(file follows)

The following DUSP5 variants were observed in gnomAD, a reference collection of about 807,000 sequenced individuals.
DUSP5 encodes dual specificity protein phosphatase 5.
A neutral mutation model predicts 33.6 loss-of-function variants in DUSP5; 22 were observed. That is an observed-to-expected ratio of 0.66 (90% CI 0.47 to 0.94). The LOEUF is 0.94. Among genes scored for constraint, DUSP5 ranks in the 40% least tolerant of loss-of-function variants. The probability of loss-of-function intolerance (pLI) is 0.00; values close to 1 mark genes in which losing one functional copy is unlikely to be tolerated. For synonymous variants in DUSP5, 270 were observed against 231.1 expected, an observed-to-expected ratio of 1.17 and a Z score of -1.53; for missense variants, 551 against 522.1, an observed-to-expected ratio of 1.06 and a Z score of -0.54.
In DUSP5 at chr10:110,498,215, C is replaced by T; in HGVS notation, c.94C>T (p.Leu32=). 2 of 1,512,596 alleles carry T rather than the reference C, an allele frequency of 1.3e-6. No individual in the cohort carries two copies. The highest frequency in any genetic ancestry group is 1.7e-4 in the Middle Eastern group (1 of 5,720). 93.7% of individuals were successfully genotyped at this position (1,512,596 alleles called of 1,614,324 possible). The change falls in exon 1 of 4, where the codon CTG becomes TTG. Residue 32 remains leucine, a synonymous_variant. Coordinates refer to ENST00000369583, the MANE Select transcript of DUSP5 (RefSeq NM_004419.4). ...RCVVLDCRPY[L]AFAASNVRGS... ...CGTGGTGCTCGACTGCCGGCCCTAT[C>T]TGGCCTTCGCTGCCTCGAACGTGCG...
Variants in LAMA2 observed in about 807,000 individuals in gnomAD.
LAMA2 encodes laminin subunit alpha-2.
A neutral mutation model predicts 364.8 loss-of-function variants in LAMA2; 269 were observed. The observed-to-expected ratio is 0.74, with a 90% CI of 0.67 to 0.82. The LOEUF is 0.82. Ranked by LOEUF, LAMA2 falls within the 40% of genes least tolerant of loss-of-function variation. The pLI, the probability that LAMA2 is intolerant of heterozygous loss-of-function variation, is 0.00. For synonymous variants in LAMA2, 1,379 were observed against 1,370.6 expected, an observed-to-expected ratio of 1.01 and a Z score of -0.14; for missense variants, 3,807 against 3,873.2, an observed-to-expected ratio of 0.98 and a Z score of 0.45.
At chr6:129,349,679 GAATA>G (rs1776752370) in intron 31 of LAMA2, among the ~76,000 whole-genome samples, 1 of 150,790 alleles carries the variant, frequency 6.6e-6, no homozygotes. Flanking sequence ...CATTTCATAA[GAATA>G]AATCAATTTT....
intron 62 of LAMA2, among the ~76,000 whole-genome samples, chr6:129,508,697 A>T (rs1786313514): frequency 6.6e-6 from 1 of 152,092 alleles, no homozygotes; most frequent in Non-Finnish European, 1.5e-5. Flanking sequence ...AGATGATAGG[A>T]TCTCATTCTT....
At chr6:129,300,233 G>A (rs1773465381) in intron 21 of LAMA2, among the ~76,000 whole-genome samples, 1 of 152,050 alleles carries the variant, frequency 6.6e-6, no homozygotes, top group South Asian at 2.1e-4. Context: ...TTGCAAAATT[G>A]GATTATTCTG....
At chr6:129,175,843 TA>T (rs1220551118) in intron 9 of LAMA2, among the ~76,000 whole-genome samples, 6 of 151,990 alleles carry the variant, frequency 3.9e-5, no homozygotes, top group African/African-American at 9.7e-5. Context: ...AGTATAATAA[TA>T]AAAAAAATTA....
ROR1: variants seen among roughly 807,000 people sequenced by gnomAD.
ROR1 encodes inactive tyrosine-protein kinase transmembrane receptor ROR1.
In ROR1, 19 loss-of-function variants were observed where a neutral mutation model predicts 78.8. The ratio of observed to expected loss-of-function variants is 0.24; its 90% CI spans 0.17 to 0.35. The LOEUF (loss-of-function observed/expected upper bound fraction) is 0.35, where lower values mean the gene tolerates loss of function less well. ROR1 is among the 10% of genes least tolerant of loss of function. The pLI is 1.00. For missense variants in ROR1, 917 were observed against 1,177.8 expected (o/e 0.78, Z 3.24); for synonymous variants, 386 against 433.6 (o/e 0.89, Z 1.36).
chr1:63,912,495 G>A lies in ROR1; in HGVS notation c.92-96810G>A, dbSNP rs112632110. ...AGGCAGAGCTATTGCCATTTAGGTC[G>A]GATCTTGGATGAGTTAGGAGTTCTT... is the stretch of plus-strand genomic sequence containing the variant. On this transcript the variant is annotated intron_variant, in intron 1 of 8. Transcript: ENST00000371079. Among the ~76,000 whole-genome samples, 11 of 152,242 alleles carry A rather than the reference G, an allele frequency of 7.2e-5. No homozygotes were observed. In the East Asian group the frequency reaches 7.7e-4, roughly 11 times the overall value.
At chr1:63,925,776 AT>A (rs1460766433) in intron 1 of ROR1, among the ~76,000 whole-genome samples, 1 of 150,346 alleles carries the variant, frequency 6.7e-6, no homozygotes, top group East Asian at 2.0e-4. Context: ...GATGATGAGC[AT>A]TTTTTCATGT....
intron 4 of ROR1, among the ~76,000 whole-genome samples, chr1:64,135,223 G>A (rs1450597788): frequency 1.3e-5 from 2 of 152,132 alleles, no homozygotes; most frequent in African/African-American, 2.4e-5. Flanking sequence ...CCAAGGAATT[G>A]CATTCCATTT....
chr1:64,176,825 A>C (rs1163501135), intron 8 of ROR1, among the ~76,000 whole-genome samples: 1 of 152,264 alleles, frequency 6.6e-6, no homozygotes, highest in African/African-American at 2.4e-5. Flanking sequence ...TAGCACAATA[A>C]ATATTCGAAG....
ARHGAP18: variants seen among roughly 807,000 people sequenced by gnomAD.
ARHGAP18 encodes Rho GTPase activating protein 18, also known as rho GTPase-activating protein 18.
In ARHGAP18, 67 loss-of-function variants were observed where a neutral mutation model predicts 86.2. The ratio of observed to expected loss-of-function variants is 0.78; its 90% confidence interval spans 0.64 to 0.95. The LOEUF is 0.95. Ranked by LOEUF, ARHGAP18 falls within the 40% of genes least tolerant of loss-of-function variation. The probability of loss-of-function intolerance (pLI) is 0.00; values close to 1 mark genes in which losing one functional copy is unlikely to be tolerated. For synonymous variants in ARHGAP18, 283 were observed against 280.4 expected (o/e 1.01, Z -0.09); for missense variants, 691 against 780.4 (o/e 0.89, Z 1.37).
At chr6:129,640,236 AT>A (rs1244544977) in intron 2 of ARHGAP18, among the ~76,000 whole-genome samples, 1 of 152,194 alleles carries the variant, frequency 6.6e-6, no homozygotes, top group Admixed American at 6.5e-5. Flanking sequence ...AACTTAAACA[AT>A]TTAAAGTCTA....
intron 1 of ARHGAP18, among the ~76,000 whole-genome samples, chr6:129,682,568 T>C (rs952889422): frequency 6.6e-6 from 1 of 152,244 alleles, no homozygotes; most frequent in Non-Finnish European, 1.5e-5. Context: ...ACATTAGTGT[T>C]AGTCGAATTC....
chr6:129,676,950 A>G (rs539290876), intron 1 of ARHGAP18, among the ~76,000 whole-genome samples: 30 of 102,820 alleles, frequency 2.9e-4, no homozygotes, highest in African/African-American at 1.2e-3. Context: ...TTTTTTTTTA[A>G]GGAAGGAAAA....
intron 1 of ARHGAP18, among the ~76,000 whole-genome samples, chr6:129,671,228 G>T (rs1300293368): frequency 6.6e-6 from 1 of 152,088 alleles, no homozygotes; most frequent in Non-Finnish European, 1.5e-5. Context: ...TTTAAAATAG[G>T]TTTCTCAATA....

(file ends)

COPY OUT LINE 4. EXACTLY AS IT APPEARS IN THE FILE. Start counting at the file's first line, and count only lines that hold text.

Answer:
In DUSP5 at chr10:110,498,215, C is replaced by T; in HGVS notation, c.94C>T (p.Leu32=). 2 of 1,512,596 alleles carry T rather than the reference C, an allele frequency of 1.3e-6. No individual in the cohort carries two copies. The highest frequency in any genetic ancestry group is 1.7e-4 in the Middle Eastern group (1 of 5,720). 93.7% of individuals were successfully genotyped at this position (1,512,596 alleles called of 1,614,324 possible). The change falls in exon 1 of 4, where the codon CTG becomes TTG. Residue 32 remains leucine, a synonymous_variant. Coordinates refer to ENST00000369583, the MANE Select transcript of DUSP5 (RefSeq NM_004419.4). ...RCVVLDCRPY[L]AFAASNVRGS... ...CGTGGTGCTCGACTGCCGGCCCTAT[C>T]TGGCCTTCGCTGCCTCGAACGTGCG...